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Lone Catalysts Good Music Superrappin/B.U.K.A. • 2005

'We've been waiting for so long, waiting to play for you some of our songs', a gospel choir begins this album. It's been four years already that we've had to wait for another Lone Catalysts album. In the meanwhile, rapper J Sands and producer J Rawls went for dolo solo. And so, they have built up a reputation which has made this album even more anticipated than their debut, when they were considered a new breed of underground tastemakers.

Their debut album 'Hip Hop' was good but it disappointed us a bit, because the 12"s that anticipated the album were far more greater compared to most of the tracks on their first effort. And if you look at their solo albums, they mostly tend to overshadow the Lone Cats debut. But now, with 'Good Music', the tide has turned more in favour of the group. 'Good Music’ has quality, flair, coolness and it's built together by a mixture of different production styles. It's not just jazzy, it's soulful (with J Rawls being a nu-soul producer too, check his latest 'The Essence Of Soul'), Latinesque ('La Ciudad'), reggae-ish ('L.I.F.E.') and funky ('By My Damn Self pt II') or like J Sands raps 'I'm hip-hop, sample old soul, reggae, calypso'. Very appealing is the old school feel to the tracks. 'Ones We Miss' is some of the liveliest eulogies we've ever heard, with J Sands' rappin being cool, cooler, coolest. Rawls' drums are real smooth, along with the perfectly cut loops and clean snares or the terrific matched instruments. 'Once Before' for example, a beautiful song with an excellent sax added to the very soulful, warm beat. Much alike is 'La La La', containing an ill soul chorus and a highlight appearance by Donte from the group Mood.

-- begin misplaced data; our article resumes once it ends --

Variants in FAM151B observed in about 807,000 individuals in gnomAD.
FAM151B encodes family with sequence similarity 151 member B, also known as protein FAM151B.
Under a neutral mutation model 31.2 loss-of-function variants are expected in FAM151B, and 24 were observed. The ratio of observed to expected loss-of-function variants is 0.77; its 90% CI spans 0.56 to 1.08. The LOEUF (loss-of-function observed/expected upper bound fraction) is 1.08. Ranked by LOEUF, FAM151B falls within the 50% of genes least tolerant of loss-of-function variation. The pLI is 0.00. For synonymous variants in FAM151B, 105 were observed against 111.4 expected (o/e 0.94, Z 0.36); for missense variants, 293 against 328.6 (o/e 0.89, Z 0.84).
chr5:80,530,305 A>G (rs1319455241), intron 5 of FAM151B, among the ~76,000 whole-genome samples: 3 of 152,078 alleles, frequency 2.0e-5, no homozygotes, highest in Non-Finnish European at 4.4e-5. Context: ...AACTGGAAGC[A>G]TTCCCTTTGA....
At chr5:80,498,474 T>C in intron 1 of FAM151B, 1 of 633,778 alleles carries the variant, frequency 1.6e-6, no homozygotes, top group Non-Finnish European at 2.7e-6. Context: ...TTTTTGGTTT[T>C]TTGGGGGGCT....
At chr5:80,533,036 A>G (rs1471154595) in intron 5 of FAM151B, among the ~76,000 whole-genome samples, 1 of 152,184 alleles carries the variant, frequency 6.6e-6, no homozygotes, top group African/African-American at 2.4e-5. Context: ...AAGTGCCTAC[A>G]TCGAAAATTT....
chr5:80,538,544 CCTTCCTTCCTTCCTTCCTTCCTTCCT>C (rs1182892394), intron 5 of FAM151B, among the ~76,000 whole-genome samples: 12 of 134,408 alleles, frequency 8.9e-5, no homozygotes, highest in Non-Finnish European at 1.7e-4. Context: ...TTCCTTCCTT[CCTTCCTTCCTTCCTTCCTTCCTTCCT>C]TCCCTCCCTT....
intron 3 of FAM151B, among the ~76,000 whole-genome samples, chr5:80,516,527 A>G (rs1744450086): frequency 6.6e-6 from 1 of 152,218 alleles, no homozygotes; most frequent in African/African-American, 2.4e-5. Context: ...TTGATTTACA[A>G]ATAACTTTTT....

Compared to 'Hip Hop', which had only a few features, this album has a lot more guests (18!) but they never tend to push away J Sands' strong appearance on the mic, except maybe for Masta Ace and the impressive but illustrious female MC Angie Allie. 'After Da Jawn', of which the chorus is inspired by Marvin Gaye's 'I Want You', rolls through with a party vibe, more specifically, on a seducing tip. The rap festivities continue with the uplifting, feel-good 'Hustle' ('a hustle is a hustle, whether illegal or not, as long as you don’t get caught and thrown in a box'). 'Good Music' closes with 'Bad Music' (featuring the legendary Mixmaster Ice -UTFO is back!) unless you have the CD; in that case, you'll be able to enjoy the superb, broken jazz of 'Destiny' also.

According to the album's potential, 'Good Music' is a humble title. J Sands raps 'makin good music, no more no less' in 'Brother's Keeper' but we would hardly do it any 'good' by callin it that way. There are adjectives that are more accurate to underline this album's craftsmanship; please choose from 'superb', 'excellent' and 'near-classic'. 'Survival' is a minor setback but in every possible sense, this album has lived up to our high expectations!


POSTED ON 11|22|2005 by cpf

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